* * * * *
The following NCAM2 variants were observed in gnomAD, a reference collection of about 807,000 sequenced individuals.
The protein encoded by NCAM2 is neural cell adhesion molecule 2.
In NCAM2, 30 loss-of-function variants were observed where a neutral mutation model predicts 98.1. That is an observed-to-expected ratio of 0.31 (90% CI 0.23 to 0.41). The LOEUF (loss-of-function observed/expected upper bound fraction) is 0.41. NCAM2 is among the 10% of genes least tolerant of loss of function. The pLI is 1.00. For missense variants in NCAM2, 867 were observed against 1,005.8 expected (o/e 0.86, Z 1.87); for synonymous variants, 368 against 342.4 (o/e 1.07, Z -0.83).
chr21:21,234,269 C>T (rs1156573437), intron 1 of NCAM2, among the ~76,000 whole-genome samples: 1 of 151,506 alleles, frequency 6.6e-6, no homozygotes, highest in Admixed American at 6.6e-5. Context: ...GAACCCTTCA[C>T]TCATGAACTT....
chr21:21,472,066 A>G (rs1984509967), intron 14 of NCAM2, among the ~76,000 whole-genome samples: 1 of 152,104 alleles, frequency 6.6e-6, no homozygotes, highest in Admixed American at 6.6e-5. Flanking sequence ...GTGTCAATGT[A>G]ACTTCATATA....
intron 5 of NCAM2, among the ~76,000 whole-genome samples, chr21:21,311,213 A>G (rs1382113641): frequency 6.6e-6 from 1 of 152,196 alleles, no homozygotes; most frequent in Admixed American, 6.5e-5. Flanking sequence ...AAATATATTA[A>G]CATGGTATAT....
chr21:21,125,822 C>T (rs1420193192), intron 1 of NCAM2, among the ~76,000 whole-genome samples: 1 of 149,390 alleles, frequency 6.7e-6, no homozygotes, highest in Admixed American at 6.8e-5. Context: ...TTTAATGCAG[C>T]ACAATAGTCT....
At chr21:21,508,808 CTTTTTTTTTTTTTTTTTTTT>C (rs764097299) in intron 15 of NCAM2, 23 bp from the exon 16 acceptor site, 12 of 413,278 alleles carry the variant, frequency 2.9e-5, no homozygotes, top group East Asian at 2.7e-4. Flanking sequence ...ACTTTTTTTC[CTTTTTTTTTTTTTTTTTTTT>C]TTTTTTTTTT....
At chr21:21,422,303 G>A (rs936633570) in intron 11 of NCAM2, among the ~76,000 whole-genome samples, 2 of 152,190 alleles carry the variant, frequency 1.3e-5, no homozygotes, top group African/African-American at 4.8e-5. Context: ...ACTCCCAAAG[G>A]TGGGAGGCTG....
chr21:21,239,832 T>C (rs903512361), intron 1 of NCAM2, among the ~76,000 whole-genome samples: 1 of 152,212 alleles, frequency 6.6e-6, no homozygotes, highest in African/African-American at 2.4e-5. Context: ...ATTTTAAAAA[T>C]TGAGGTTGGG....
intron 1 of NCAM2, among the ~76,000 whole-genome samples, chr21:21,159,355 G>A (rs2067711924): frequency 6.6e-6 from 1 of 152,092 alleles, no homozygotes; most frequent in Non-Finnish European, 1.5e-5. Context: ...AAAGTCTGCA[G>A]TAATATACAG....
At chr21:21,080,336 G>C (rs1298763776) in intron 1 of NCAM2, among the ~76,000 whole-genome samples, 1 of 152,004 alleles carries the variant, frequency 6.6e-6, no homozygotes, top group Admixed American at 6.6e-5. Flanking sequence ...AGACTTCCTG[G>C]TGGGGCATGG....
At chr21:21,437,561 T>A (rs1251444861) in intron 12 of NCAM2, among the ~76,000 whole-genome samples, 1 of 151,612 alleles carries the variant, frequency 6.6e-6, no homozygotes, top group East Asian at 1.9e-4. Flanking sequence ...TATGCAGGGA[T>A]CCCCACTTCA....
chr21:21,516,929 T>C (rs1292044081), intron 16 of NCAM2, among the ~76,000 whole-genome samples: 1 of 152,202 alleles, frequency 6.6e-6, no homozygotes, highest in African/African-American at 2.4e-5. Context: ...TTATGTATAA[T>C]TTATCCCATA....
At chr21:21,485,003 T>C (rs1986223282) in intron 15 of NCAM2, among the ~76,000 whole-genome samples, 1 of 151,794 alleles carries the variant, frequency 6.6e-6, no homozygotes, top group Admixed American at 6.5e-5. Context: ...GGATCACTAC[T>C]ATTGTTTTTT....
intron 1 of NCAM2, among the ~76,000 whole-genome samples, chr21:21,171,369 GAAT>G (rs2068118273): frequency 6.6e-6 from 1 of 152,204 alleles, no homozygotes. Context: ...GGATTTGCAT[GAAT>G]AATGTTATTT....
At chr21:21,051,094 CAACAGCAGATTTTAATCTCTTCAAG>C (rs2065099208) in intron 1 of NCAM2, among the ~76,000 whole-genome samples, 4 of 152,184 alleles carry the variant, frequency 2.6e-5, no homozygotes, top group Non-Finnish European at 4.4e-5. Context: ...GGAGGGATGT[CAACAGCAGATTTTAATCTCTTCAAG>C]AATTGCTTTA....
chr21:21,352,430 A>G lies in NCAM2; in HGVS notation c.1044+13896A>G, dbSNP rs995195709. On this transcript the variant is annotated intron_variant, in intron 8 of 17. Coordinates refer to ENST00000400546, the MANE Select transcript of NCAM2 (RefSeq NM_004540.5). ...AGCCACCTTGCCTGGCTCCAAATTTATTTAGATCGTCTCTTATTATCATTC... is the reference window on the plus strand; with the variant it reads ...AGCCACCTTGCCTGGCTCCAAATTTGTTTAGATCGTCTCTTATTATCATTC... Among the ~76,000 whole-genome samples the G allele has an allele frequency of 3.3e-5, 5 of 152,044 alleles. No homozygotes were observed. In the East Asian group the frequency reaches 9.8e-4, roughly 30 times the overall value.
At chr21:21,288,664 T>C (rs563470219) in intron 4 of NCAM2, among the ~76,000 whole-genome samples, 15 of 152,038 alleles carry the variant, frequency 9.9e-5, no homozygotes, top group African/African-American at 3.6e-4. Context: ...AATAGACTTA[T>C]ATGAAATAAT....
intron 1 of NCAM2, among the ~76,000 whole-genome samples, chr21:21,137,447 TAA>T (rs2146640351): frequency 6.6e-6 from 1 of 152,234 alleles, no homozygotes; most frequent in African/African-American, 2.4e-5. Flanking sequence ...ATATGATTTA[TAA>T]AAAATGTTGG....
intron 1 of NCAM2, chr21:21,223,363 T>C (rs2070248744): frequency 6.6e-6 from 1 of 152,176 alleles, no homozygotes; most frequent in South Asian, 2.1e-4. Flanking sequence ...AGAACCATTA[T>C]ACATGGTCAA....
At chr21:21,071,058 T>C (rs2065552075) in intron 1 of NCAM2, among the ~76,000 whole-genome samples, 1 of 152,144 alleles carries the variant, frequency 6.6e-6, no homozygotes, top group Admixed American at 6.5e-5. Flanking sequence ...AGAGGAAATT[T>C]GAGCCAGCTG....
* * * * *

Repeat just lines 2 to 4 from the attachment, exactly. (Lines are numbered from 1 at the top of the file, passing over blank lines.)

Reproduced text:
The protein encoded by NCAM2 is neural cell adhesion molecule 2.
In NCAM2, 30 loss-of-function variants were observed where a neutral mutation model predicts 98.1. That is an observed-to-expected ratio of 0.31 (90% CI 0.23 to 0.41). The LOEUF (loss-of-function observed/expected upper bound fraction) is 0.41. NCAM2 is among the 10% of genes least tolerant of loss of function. The pLI is 1.00. For missense variants in NCAM2, 867 were observed against 1,005.8 expected (o/e 0.86, Z 1.87); for synonymous variants, 368 against 342.4 (o/e 1.07, Z -0.83).
chr21:21,234,269 C>T (rs1156573437), intron 1 of NCAM2, among the ~76,000 whole-genome samples: 1 of 151,506 alleles, frequency 6.6e-6, no homozygotes, highest in Admixed American at 6.6e-5. Context: ...GAACCCTTCA[C>T]TCATGAACTT....